Henderson Municipal Judge Diana Hampton was found dead in her home Sunday, authorities confirmed Monday.
City police responded to a welfare check in the 3100 block of Palazzo Reale Avenue on Sunday afternoon, department spokeswoman Michelle French said.
Hampton listed her address as 3175 Palazzo Reale Ave. in her most recent candidate filing.
“We don’t suspect foul play, but obviously we’re early into the investigation,” French said.
The Clark County coroner’s office confirmed that Hampton, 50, died Sunday. It did not release cause and manner of death Monday morning.
In a statement provided by the city, Henderson Mayor Andy Hafen expressed his condolences to Hampton’s family and friends.
“She was a leader, serving as Chief Judge and working tirelessly to help make our community better. Her presence on the bench and in our community will be deeply missed,” Hafen said.
Las Vegas Justice of the Peace Joe Sciscento, who had known Hampton for more than 20 years, said he was surprised to learn of her death.
Fellow lawyers knew Hampton as a “fitness guru” focused on healthy living.
Sciscento called her “hard-driven” when it came to her career.
“From the very beginning, she decided she was going to be a judge,” Sciscento said. “She was dedicated to that. She was focused on that, and she wouldn’t let things get in her way.”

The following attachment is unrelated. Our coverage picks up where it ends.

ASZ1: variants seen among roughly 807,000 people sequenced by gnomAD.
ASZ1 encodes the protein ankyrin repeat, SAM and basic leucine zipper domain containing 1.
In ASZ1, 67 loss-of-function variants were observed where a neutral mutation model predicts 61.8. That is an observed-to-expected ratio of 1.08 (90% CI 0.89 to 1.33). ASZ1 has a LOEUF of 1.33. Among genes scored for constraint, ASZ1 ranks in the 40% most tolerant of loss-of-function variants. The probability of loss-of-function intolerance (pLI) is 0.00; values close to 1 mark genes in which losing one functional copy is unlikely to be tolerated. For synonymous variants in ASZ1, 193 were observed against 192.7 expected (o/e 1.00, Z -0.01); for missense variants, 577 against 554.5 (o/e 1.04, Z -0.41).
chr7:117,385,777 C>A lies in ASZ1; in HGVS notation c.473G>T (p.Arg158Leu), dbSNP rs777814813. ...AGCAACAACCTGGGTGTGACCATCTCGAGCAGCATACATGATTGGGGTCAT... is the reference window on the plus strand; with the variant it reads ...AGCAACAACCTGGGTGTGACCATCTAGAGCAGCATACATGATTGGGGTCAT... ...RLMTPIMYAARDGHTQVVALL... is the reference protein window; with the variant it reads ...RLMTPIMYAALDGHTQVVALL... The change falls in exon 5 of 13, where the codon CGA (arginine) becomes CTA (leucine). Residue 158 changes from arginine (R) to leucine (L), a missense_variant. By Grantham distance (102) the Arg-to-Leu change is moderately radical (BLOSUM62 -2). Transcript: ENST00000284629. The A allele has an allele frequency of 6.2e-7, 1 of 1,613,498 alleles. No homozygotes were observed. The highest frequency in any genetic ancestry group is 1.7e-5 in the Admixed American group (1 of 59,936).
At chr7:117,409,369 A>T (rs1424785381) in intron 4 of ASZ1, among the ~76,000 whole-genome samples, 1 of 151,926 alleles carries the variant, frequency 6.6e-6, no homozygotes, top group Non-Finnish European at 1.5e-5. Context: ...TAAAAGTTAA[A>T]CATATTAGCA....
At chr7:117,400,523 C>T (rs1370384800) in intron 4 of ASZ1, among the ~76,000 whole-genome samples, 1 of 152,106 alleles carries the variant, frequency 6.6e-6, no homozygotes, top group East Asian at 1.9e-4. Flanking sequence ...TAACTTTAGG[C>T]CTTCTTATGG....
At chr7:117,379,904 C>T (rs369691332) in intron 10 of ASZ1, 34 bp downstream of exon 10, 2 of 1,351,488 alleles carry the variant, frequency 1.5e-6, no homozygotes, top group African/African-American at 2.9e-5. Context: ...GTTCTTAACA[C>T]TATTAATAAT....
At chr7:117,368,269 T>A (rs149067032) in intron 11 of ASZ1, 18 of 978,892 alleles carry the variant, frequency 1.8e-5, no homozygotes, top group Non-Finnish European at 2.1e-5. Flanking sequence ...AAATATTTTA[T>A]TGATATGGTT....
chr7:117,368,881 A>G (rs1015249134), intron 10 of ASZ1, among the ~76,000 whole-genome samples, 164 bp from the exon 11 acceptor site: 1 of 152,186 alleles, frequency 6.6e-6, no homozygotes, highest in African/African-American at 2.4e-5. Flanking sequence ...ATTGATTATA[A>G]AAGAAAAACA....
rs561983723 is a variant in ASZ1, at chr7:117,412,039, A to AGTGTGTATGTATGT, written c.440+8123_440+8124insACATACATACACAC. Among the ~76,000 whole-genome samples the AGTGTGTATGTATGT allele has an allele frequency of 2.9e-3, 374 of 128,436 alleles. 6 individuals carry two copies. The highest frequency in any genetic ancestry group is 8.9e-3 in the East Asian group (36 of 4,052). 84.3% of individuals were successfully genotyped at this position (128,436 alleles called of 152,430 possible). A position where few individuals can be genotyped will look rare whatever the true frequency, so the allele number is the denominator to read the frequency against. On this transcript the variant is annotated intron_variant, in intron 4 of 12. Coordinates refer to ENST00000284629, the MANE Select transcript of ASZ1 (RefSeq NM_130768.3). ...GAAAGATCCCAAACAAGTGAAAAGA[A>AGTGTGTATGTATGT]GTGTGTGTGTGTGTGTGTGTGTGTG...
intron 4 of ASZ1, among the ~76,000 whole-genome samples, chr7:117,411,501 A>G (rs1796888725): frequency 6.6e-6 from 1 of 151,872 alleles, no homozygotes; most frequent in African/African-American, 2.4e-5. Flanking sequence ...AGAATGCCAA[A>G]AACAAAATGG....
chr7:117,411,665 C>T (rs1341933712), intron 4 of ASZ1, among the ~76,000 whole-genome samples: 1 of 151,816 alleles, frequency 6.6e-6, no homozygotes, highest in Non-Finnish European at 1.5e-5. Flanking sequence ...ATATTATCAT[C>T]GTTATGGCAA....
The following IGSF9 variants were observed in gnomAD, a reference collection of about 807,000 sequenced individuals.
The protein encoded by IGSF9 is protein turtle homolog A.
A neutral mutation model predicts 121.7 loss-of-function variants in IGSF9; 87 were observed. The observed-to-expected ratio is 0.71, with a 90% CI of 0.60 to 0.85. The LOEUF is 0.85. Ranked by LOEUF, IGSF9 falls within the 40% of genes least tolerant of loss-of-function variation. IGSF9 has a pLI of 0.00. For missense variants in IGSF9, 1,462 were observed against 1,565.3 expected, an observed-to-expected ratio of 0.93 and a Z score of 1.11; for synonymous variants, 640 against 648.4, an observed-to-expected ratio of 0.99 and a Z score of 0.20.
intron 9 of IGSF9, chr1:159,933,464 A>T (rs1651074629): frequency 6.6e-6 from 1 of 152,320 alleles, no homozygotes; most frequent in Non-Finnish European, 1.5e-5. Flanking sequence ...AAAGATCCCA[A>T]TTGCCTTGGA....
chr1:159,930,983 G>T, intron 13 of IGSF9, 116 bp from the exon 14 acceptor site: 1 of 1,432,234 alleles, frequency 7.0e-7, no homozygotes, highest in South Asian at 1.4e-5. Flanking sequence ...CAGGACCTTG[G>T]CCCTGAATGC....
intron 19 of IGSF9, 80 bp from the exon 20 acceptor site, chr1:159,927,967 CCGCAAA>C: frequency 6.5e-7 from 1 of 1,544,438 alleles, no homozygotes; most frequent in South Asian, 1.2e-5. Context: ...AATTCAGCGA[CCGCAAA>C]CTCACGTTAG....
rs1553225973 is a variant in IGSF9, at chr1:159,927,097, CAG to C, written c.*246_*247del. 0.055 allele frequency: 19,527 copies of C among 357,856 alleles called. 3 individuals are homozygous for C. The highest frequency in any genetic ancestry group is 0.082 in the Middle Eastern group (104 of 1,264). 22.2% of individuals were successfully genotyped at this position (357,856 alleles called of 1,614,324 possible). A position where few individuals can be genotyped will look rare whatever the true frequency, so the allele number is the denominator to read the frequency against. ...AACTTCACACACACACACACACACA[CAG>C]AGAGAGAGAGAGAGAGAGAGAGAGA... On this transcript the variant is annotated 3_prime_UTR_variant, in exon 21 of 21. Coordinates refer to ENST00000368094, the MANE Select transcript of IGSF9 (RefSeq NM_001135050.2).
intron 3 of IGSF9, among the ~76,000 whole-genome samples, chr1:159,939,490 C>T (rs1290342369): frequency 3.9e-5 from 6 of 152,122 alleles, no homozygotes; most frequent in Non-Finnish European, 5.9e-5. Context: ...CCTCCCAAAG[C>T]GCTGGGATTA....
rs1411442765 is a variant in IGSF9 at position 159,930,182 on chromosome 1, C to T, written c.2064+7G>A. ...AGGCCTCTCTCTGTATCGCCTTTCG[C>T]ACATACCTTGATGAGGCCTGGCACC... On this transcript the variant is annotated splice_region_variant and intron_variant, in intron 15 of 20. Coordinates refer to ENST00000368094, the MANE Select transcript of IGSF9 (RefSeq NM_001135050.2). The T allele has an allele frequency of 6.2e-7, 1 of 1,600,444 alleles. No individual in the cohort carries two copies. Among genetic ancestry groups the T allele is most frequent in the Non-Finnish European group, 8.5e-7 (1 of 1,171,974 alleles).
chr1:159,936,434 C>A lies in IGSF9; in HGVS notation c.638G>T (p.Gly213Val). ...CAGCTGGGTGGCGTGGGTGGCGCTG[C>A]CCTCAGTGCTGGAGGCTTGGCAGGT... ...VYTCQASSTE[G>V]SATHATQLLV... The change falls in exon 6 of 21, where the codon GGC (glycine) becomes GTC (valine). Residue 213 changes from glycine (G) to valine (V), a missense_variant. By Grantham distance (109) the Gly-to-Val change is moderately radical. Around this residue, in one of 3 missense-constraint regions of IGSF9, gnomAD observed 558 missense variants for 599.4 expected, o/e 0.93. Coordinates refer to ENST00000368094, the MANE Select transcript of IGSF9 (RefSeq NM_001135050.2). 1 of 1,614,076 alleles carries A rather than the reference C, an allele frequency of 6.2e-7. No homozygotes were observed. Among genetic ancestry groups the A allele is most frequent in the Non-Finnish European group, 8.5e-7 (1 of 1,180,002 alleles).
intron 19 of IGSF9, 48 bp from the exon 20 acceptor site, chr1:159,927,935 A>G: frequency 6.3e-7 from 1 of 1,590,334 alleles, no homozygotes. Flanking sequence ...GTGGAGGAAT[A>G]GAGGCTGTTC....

Hampton worked as an intern for longtime defense lawyer Ozzie Fumo before she passed the bar.
Fumo was in Hampton’s courtroom last week and the two made plans to have lunch this week.
“She seemed perfectly fine,” Fumo said.
He called her a “very intelligent hard worker,” a “good mother” and a “no nonsense kind of judge.”
“She got the bug to become a judge when she was in the Henderson city attorney’s office,” Fumo said. “Some people put on the robe and think they know everything. She wasn’t afraid to say, ‘I don’t know the answer to that, let me go look it up.’ She just really cared about doing the right thing.”
In response to a request for comment, fellow municipal judges Mark Stevens and Douglas Hedger issued a joint statement through a city spokesman.
“The judges are saddened by the news of their friend and colleague passing away,” spokesman Keith Paul said.
Hampton served as a municipal judge for over a decade. Prior to that, she was a deputy city attorney for Henderson where she prosecuted drunken driving and domestic battery cases, according to her biography on the city’s website.
In 2010, the judge brought the “Life of Crime” program to Henderson. The program is aimed at discouraging youth from lives of crime and showing them what being behind bars is like by talking to police officers and current inmates.
Hampton’s background came under scrutiny in 2005 during her first election running for Henderson Department 3 when it was revealed she worked as a stripper in Las Vegas for a year before going to law school.
Hampton never shied away from the fact, saying her past didn’t affect her abilities as a lawyer or judge.
Fumo said that she called him, concerned that it might be an issue when she was running for judge, and he encouraged her to “embrace it.”
Despite the minor controversy, Hampton won the 2005 election, and was re-elected in 2011. The judge would have been up for re-election in 2017.
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